“In the post-COVID era, it is so important to design well-being workplaces … to help people maintain resilience against stress and viral infections,” said Dr. Esther M. Sternberg, the center’s director of research.

Dr. Victoria Maizes, the center’s executive director, said, “University of Arizona has been ground zero for integrative medical education. Our world-renowned fellowship and residency education training programs are training more than 1,000 fellows and residents each year. We are in every state in the United States, 26 countries and more than 100 medical residency programs worldwide.”

New educational partnerships include training for health and wellbeing practitioners with Ireland’s largest insurance company; a collaboration with Drexel University for a master’s degree in complementary and integrative health and a fellowship program with an emphasis on ayurvedic medicine from Maharishi International University.

Research also continues to make strides: A new project funded by the National Institutes of Health utilizes non-invasive technology to investigate healthy aging while ongoing projects from the center’s Institute on Health, Wellbeing & Performance are examining the effects of built environments. 

Dr. Weil added, “My goal is that, one day, our curriculum will be in every residency program in every specialty, so whether you go to a psychiatrist, a dermatologist, a gastroenterologist or any other practitioner, it is a given that they will have learned the basics of nutritional medicine, mind-body interactions and the strengths and weaknesses of other systems of medicine.” 

The new center will also build on collaborations with several UArizona colleges, including Pharmacy, Nursing and Humanities. Future plans include expanding the center’s reach to other UArizona departments and building relationships with non-profits and other businesses, both locally and globally. Additionally, the center will continue to support Arizona’s native and indigenous communities through education, partnerships and community service.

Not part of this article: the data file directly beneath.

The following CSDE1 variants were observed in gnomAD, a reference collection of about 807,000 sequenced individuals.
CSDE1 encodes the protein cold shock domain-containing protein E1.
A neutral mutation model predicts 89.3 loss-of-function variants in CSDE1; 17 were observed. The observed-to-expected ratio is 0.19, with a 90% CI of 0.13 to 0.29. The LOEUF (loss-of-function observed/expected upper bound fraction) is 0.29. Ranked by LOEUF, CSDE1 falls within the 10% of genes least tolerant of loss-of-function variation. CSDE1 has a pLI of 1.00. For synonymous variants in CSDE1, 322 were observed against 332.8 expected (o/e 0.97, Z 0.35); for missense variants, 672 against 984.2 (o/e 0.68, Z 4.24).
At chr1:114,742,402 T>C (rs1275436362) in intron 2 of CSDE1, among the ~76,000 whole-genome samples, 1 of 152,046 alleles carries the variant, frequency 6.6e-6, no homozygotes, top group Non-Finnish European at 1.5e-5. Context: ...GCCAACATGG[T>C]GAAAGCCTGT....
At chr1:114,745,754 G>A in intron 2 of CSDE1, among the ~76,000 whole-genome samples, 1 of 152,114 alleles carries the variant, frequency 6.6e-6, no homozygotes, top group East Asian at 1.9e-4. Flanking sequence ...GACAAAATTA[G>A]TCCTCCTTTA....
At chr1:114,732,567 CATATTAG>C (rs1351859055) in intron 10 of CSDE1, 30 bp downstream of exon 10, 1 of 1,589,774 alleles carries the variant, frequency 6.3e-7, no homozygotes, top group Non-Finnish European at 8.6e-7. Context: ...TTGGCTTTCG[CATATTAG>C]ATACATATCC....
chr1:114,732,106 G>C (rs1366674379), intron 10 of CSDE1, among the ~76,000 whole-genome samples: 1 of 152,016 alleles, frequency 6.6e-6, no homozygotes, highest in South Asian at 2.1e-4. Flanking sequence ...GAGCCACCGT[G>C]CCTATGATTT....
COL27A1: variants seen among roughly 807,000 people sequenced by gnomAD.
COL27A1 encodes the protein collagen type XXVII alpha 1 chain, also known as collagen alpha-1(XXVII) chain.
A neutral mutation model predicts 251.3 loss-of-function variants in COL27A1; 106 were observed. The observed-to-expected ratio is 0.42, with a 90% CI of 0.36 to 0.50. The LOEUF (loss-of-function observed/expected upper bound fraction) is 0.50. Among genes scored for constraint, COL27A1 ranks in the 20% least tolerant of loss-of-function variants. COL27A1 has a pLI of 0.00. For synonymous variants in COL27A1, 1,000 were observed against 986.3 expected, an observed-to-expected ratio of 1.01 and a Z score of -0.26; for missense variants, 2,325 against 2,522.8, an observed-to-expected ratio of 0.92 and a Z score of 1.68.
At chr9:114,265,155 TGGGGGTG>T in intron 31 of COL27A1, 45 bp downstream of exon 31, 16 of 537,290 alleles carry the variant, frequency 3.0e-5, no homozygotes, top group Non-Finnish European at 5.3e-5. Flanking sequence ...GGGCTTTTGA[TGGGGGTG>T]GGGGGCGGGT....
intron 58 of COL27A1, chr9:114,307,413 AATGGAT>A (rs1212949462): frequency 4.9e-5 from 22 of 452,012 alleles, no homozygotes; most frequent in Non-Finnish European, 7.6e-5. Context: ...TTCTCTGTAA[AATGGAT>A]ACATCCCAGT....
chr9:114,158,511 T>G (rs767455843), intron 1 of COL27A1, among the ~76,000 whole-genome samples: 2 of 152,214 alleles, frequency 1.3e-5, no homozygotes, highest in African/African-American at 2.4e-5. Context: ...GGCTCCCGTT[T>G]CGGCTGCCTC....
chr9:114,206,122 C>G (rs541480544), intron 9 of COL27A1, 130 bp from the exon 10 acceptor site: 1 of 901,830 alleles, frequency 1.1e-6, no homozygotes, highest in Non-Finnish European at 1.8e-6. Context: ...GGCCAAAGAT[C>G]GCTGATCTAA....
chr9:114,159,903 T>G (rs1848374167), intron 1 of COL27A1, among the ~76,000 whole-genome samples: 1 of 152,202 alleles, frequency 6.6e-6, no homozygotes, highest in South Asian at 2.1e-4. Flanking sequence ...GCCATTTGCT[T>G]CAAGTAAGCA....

It will also continue to expand its programming for the general public. Current offerings include the popular integrative medicine podcast, ‘Body of Wonder’; IMmersive, a healing series presented live on Zoom free of charge, and, the Andrew Weil, M.D., Integrative Health Telemedicine Platform for New York-based patients. 

“This is medicine of the future. Every health care practitioner is going to have to learn the basic principles of integrative medicine and understand the body’s intrinsic capacity for healing,” Dr. Weil said. “Everyone needs to understand how to use lifestyle change to promote health and reduce risk of disease. We need to know how to make use of natural remedies and low-cost, low-tech alternatives to the kind of high-tech medicine that we rely on now.”